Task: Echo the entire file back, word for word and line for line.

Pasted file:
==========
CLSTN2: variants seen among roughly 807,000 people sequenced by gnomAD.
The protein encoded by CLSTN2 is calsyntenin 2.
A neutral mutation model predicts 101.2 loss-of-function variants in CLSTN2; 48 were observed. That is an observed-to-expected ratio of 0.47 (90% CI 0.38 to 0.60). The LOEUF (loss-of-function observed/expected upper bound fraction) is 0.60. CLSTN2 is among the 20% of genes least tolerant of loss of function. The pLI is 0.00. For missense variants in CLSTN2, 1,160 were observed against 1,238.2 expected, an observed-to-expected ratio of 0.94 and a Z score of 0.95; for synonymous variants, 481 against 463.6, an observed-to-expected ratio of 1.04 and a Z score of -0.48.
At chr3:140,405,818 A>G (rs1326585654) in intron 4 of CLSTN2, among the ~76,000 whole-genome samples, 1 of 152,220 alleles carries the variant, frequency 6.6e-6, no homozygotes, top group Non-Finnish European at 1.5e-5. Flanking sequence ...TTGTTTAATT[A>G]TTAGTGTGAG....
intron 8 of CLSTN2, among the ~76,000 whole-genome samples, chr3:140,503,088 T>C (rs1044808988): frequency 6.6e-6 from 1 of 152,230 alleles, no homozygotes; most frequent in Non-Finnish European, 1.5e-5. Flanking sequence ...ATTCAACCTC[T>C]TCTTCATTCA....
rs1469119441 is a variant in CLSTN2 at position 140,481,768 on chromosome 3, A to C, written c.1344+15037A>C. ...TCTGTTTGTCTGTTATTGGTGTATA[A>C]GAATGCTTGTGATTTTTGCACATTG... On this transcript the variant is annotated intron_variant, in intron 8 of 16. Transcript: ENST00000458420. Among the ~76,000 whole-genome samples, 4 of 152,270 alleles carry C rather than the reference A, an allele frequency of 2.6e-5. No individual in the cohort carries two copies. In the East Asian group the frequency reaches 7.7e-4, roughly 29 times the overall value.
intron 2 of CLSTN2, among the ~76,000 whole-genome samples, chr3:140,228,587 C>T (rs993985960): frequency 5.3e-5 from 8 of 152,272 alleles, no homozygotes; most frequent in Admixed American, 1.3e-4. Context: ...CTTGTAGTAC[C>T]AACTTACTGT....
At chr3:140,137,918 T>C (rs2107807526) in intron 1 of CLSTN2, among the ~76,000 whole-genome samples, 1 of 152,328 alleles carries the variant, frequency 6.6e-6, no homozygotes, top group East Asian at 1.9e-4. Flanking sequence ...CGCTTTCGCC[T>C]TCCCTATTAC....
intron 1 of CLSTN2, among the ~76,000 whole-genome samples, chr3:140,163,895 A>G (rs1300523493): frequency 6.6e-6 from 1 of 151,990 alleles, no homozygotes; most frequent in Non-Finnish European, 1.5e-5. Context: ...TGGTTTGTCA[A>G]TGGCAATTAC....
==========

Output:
CLSTN2: variants seen among roughly 807,000 people sequenced by gnomAD.
The protein encoded by CLSTN2 is calsyntenin 2.
A neutral mutation model predicts 101.2 loss-of-function variants in CLSTN2; 48 were observed. That is an observed-to-expected ratio of 0.47 (90% CI 0.38 to 0.60). The LOEUF (loss-of-function observed/expected upper bound fraction) is 0.60. CLSTN2 is among the 20% of genes least tolerant of loss of function. The pLI is 0.00. For missense variants in CLSTN2, 1,160 were observed against 1,238.2 expected, an observed-to-expected ratio of 0.94 and a Z score of 0.95; for synonymous variants, 481 against 463.6, an observed-to-expected ratio of 1.04 and a Z score of -0.48.
At chr3:140,405,818 A>G (rs1326585654) in intron 4 of CLSTN2, among the ~76,000 whole-genome samples, 1 of 152,220 alleles carries the variant, frequency 6.6e-6, no homozygotes, top group Non-Finnish European at 1.5e-5. Flanking sequence ...TTGTTTAATT[A>G]TTAGTGTGAG....
intron 8 of CLSTN2, among the ~76,000 whole-genome samples, chr3:140,503,088 T>C (rs1044808988): frequency 6.6e-6 from 1 of 152,230 alleles, no homozygotes; most frequent in Non-Finnish European, 1.5e-5. Flanking sequence ...ATTCAACCTC[T>C]TCTTCATTCA....
rs1469119441 is a variant in CLSTN2 at position 140,481,768 on chromosome 3, A to C, written c.1344+15037A>C. ...TCTGTTTGTCTGTTATTGGTGTATA[A>C]GAATGCTTGTGATTTTTGCACATTG... On this transcript the variant is annotated intron_variant, in intron 8 of 16. Transcript: ENST00000458420. Among the ~76,000 whole-genome samples, 4 of 152,270 alleles carry C rather than the reference A, an allele frequency of 2.6e-5. No individual in the cohort carries two copies. In the East Asian group the frequency reaches 7.7e-4, roughly 29 times the overall value.
intron 2 of CLSTN2, among the ~76,000 whole-genome samples, chr3:140,228,587 C>T (rs993985960): frequency 5.3e-5 from 8 of 152,272 alleles, no homozygotes; most frequent in Admixed American, 1.3e-4. Context: ...CTTGTAGTAC[C>T]AACTTACTGT....
At chr3:140,137,918 T>C (rs2107807526) in intron 1 of CLSTN2, among the ~76,000 whole-genome samples, 1 of 152,328 alleles carries the variant, frequency 6.6e-6, no homozygotes, top group East Asian at 1.9e-4. Flanking sequence ...CGCTTTCGCC[T>C]TCCCTATTAC....
intron 1 of CLSTN2, among the ~76,000 whole-genome samples, chr3:140,163,895 A>G (rs1300523493): frequency 6.6e-6 from 1 of 151,990 alleles, no homozygotes; most frequent in Non-Finnish European, 1.5e-5. Context: ...TGGTTTGTCA[A>G]TGGCAATTAC....